One of the two individuals leading the charge to designate the original Nichols Library (ONL) as a historic landmark is Charles Wilkins; councilwoman Becky Anderson-Wilkin’s son. She is the city council liaison to the library board. Anderson is also the council liaison to the Historic Preservation Commission (HPC), which will be advising the city council on the landmark status of the ONL. There is another player on the other side, Kevin Peterson. He has been on the historic preservation commission for several years. He lives in the HPC district and was recently appointed to the chair of the commission by Mayor Chirico. Peterson is also the architect of the proposed new development. As a result, he will have to recuse himself from the deliberations, but Anderson does not have to. As the liaison to the HPC, Anderson is not a voting member, however she will have a huge influence on the commission.

The first hurdle is the designation on the historical landmark status. Here comes the kicker. If the HPC advises that the city council designate ONL as a landmark without the property owner’s consent, it is a guaranteed lawsuit. Take a moment to read that last sentence again. Case law supports the City, but even if the City wins the lawsuit, it will cost hundreds of thousands of dollars to defend, and if the City loses, it will cost millions. Take a moment to re-read that last sentence also. The City of Naperville and taxpaying residents can ill-afford another lawsuit with other lawsuits currently on the runway.

Some lawsuits are simply bad luck, some are bad judgement, and some are bad policy, but none of the lawsuits were the result of the city council knowingly making a decision that would place the taxpayers at risk. If the City wants to derail the project, why put the taxpayers at risk of another lawsuit? All the city council has to do is vote ‘no’ on the variance requests and it’s over with no risk. The historic landmark status designation without the owner’s support is a train wreck waiting to happen; a total disaster.

If the preservationists of Naperville want to preserve this building they could raise the money. Our community is very resourceful, so if the community wants to save the building, it can be done. If folks are not willing to write a check or do what’s necessary to save the building, then maybe it is not that important to our residents.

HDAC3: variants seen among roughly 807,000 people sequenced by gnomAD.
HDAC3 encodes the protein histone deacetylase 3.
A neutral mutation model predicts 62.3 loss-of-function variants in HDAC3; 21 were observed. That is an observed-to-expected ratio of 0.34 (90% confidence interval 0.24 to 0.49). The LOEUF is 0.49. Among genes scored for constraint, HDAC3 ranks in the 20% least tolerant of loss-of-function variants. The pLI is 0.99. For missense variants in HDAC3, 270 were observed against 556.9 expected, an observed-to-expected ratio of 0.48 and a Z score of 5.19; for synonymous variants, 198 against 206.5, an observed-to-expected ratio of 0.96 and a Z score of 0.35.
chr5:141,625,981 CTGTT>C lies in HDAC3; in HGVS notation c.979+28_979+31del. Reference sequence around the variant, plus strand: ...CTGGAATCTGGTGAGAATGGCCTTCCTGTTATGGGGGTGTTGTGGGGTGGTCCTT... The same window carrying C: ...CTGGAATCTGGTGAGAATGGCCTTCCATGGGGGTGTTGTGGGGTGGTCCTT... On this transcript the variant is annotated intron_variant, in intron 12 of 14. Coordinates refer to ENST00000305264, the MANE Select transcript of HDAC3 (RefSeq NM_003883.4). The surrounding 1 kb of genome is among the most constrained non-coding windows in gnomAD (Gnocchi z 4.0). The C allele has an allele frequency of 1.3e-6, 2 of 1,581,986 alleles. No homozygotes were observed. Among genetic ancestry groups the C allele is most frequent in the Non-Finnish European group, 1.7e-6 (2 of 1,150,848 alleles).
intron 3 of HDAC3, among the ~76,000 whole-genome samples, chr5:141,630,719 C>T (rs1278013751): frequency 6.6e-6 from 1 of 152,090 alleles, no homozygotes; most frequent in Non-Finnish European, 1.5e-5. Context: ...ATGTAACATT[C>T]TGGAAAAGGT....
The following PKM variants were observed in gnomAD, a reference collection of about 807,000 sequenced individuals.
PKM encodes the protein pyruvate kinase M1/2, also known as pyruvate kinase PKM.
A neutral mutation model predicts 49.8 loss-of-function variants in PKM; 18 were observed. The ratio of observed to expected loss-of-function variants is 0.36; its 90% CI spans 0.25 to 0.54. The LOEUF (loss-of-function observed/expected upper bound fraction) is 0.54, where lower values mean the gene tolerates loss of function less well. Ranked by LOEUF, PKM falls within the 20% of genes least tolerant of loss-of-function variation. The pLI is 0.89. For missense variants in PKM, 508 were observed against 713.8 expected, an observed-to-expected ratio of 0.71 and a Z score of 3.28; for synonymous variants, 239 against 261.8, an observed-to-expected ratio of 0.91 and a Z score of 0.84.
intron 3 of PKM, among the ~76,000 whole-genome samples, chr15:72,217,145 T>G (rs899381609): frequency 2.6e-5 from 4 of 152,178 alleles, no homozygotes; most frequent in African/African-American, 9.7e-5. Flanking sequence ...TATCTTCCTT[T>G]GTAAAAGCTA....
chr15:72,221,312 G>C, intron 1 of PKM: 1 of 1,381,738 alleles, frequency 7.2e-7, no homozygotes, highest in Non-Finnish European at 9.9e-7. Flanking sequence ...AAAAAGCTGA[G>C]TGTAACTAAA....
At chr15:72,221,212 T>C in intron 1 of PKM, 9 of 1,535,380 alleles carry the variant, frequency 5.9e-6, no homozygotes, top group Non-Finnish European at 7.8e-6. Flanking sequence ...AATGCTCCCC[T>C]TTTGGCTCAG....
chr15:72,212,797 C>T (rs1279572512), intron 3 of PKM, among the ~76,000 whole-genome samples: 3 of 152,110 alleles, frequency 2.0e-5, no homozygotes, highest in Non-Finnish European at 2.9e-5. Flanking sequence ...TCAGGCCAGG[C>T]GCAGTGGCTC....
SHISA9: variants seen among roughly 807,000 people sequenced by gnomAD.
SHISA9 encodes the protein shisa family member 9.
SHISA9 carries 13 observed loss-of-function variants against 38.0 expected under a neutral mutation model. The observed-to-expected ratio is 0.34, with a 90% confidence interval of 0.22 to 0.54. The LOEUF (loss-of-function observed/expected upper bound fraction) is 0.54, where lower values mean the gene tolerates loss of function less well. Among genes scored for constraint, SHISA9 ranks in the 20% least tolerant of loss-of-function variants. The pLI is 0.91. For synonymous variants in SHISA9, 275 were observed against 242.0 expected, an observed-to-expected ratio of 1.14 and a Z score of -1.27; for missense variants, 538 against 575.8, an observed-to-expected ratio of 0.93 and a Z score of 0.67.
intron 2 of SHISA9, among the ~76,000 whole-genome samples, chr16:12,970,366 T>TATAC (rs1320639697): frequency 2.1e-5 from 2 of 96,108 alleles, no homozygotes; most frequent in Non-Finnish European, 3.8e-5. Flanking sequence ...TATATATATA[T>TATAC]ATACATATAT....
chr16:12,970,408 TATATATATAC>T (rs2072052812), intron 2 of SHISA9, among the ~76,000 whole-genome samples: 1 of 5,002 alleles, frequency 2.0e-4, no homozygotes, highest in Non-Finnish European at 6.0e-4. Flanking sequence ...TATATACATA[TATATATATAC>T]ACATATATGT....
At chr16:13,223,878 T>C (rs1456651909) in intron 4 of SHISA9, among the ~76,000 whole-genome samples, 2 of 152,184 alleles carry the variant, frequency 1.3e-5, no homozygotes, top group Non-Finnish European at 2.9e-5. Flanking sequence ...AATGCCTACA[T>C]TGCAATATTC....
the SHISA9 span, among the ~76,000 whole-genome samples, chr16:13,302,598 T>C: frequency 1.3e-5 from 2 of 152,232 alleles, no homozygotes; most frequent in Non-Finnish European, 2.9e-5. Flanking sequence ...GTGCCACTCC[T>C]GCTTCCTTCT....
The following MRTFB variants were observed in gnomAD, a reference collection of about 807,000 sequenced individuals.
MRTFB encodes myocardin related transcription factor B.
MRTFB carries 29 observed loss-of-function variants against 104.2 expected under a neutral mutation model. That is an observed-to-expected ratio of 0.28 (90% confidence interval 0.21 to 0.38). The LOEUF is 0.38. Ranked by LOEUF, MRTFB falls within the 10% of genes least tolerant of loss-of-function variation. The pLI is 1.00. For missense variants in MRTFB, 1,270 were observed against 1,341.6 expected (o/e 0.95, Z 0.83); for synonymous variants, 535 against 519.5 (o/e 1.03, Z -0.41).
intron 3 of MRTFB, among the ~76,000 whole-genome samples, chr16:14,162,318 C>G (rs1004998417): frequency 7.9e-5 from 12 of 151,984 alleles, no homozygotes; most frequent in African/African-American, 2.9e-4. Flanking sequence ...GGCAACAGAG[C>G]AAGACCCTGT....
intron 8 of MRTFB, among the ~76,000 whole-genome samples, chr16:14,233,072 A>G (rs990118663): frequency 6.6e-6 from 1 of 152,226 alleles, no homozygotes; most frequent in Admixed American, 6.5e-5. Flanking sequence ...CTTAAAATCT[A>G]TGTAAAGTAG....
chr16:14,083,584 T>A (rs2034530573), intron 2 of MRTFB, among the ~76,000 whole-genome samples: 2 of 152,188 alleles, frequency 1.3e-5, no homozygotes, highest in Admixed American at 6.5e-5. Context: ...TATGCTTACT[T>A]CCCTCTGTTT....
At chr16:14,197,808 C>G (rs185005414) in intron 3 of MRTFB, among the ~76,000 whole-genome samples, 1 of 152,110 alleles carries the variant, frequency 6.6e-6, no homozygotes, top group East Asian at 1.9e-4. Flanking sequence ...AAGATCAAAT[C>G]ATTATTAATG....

If this project makes it past the landmark status issue, the next hurdle is planning and zoning, followed finally by the city council. Let’s hope that all those involved will make a wise decision.

Aug 032017

Ah, what to do with the old, original Nichols Library building in Naperville. My heart says one thing, and my head says something totally different. Most folks seem firmly set in one camp or the other, while I have vacillated back and forth (or is it forth and back?). Not knowing which way to go for sure on ‘posting night’ I decided to go with ‘landmarking it’ from the heart point-of-view in this posting, and following it up this weekend with the opposing point- of-view from the head.

The building is almost 120 years old, and it’s still a beautiful building from the outside. The old saying that ‘they don’t build them like this anymore’ qualifies for this building. If the building is taken down, or altered in such a way to lose it’s character, then a piece of Naperville history is gone, only to exist in pictures.

It’s story is compelling, with funding for the original library building given to the city by James Nichols, a local businessman and professor. He wanted children to have what he didn’t have, which was access to books. The library moved to its new location on Jefferson in 1986 and the building was used as a church thereafter. Now a new owner wants to convert it to a four-story building with stores, restaurants, offices and housing.

As with most people-driven actions, it only took a couple of people circulating a petition to seek landmark status for the building and now it churns its way through committees and ultimately the city council to determine its fate. I’m sure at one time or another the city of Chicago had the same situation when discussing the fate of the water tower on Michigan Avenue after the Chicago fire.

If landmark status is approved, and if the current owner decides to withdraw his plan (doubtful), then what becomes of this landmark building? Maybe a bookstore in the spirit of James Nichol’s original goal. Amazon is entering the world of ‘brick and mortar’. This would be ideal and they have the funding to make it work by restoring it on the inside.

Naperville has two downtown bookstores, and the timing of councilwoman Becky Anderson (co-owner of Anderson’s Book Store) running for congress, along with Anderson’s bookstore looking a little exhausted, couldn’t be better. Downtown Naperville could still have two bookstores. If she loses the election, she could be the manager of Amazon’s James Nichol’s Book Store.

If ‘ifs and buts’ were candy and nuts, everyday would be Christmas.